After church I went over to a friends house for brunch. Thanks Karis for a wonderful time and conversation. The brunch was great and the conversation was even better. After being here for only 9 weeks now I have been able to articulate, rather clearly and convincingly, the issues of Ghana and Africa. Her father, who is a retired professor of English and literature recommended some books. One was called The State of Africa. It was a 700 page book he lent me and told me to read it by next Sunday so I could return it to him. wow, 700 pages in a week, with work and fun in Ghana? It's tough but I am up for the challenge. In my eagerness to get the book done, I read 150 pages last night. At my pace, I should get it done. I would love to have some further conversation about it when I am done. The book really provides a historical analysis of Africa and how the countries evolved and fought for independence. It really paints a vivid picture of Africa. One cannot truly understand contemporary African politics and culture without reading this book.

After my reading tirade I ate, watched some movies on tv and talked about the Ghana experience with a colleague. Sometimes its good to talk about Ghana with a non Ghaniain. You find things are a bit more frank. Debriefing is good.

Well enough with my long narration of my weekend. Believe me, it was more relaxing than I make it seem in the post. This is my last week of work. wish me luck everyone....evaluation time is coming.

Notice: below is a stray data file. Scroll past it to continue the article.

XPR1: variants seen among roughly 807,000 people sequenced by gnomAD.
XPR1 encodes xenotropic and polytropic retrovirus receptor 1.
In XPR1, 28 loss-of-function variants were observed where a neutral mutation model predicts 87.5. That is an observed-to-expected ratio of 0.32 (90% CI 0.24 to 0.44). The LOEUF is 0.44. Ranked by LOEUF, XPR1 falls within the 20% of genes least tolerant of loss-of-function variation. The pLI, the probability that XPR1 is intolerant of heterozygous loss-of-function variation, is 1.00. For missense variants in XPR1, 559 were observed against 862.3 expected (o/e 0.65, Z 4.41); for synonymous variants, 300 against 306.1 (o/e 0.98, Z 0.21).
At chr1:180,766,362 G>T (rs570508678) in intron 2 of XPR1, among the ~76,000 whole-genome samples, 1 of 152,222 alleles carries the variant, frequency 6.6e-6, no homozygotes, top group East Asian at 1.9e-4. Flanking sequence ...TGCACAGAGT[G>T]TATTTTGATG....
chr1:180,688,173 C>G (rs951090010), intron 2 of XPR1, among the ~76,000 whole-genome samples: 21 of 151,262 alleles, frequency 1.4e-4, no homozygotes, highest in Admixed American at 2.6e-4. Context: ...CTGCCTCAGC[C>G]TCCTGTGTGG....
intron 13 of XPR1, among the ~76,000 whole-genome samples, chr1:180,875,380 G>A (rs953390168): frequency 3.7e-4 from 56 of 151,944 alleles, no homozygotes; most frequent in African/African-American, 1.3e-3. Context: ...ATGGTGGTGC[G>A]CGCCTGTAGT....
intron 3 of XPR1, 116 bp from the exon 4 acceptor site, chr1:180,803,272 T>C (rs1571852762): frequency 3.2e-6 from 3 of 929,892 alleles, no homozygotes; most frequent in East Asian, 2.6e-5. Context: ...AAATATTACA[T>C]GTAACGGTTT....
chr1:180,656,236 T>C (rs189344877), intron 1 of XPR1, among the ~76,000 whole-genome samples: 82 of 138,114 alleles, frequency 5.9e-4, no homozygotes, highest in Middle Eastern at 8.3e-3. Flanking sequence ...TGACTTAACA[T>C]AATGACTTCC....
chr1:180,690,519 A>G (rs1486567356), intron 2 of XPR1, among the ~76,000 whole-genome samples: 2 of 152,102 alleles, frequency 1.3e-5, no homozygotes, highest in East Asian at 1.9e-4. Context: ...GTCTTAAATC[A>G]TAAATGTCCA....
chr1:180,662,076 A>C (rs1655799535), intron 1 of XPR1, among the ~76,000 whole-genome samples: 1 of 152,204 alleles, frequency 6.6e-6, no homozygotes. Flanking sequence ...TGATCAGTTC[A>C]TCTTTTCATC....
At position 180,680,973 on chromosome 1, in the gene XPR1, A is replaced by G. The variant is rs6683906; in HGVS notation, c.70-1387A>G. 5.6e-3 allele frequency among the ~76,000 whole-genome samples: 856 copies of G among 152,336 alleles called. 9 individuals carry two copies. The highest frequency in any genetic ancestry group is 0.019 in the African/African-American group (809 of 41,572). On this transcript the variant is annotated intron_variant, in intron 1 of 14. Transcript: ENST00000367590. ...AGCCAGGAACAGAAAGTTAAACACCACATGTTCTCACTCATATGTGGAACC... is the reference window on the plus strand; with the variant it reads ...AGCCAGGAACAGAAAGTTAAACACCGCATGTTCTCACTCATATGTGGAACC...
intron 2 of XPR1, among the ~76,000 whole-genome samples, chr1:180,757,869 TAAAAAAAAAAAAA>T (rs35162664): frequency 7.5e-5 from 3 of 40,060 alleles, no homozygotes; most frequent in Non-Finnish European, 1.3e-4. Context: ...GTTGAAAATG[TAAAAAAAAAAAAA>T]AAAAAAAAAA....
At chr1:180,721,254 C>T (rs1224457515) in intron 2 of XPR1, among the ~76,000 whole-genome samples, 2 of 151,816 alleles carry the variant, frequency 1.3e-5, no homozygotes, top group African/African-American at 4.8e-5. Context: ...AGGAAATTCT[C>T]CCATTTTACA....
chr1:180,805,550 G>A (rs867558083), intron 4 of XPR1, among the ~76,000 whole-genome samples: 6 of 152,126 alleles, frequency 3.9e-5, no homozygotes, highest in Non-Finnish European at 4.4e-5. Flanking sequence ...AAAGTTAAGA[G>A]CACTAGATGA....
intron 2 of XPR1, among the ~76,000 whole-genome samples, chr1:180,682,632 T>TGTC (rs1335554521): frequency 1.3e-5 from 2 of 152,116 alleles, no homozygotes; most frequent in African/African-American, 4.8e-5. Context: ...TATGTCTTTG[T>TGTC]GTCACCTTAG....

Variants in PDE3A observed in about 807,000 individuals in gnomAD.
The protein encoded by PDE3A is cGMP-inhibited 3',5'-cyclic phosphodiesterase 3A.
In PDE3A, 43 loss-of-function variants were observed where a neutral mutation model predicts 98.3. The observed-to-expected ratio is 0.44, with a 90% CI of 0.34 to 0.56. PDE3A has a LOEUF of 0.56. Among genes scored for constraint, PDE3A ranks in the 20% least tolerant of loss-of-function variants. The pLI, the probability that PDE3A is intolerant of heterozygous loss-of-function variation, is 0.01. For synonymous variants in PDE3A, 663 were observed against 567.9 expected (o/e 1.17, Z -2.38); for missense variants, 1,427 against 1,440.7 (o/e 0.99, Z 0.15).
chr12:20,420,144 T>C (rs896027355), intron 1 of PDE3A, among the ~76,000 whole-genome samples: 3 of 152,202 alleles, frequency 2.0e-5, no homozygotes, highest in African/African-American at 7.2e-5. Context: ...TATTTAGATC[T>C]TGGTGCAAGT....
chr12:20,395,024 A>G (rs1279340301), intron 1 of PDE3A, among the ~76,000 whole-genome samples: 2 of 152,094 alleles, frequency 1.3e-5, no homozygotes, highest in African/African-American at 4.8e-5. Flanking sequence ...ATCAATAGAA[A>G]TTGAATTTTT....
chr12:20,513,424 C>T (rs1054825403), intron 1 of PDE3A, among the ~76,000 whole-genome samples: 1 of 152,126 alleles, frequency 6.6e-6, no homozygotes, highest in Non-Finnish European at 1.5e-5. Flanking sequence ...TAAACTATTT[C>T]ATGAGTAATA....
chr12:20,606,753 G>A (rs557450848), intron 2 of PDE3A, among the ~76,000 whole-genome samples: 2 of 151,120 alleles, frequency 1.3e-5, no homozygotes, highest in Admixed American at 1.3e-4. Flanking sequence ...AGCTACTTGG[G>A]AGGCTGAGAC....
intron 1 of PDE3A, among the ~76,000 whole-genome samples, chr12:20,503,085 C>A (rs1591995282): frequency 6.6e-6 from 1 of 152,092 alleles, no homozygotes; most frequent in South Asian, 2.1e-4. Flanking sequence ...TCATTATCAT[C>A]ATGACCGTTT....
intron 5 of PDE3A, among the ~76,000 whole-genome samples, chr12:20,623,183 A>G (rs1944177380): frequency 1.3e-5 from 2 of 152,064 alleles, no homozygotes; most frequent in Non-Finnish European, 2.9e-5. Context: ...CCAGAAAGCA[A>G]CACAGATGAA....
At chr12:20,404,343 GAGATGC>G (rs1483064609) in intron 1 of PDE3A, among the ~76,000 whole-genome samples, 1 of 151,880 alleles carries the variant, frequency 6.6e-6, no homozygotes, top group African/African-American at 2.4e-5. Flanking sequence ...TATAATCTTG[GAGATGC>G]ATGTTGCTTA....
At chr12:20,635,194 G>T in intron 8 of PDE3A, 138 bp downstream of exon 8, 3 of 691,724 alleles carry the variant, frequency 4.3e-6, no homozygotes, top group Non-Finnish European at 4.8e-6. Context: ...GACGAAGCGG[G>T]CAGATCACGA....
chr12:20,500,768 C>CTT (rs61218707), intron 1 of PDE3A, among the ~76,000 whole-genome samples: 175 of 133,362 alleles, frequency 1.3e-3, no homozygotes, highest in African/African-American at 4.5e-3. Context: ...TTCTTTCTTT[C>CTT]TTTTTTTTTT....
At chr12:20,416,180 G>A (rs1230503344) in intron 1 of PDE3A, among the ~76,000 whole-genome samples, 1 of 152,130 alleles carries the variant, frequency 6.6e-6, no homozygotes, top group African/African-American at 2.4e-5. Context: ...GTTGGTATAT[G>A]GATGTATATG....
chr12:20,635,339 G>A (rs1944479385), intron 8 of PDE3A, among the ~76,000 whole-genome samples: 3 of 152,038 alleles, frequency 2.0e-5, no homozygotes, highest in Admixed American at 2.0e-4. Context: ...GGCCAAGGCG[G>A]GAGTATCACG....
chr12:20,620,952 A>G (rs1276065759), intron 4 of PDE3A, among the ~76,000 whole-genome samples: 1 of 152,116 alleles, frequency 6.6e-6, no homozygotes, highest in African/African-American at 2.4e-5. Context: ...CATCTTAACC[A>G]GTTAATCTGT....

peace out.

Friday, August 7, 2009

August 7 2009: Slowly but surely

Slowly but surely I am becoming more and more like a Ghanaian. I find myself clasping my hands when I talk to make a point, I am more direct when it comes to things that I would like, and I am really beginning to understand what it means to live and exist in this economy. My initial "wow" has now turned into a quest to find a deeper meaning, a more profound idea and a better understanding to compound some of the experiences that I have been having. It is no coincidence that I am here in Ghana at this moment. It is beyond a serendipitous occurrence that I am meeting the people that I am meeting. This experience has been like a coming of age theme in a book. I am the main character Kwaku, and I have come home. When at first I am wowed by the new way of life I see, I have begun to understand more of why I am here.

A friend asked me not too long ago why Ghana. When I was at Cornell I used to attend the Ghanaian student banquet each year. Many could not understand my connection. I have not traced my family lineage back to Ghana, I don't have any family members that are, I am not married to one or anything. There is this profound attraction that I have to Ghana. It has always been an interesting curiosity. Nothing I dwell over, but it certainly is stark enough for people to see it. I suppose in someway I showed favoritism to Ghana. I grapple with that question all of the time and have still yet to find a clear answer. I chalk it up to the idea that God does things for a reason. Sometimes we don't quite understand what he is doing. This is where that F word comes in. No..not the bad one but the one that kept Job alive and ultimately made him rich, and the thing that has kept me going strong each and every day..its called Faith. Perhaps by the time I finish my time in Ghana I will have a better understanding of why Ghana..until then, lets ride the faith wave until something comes my way.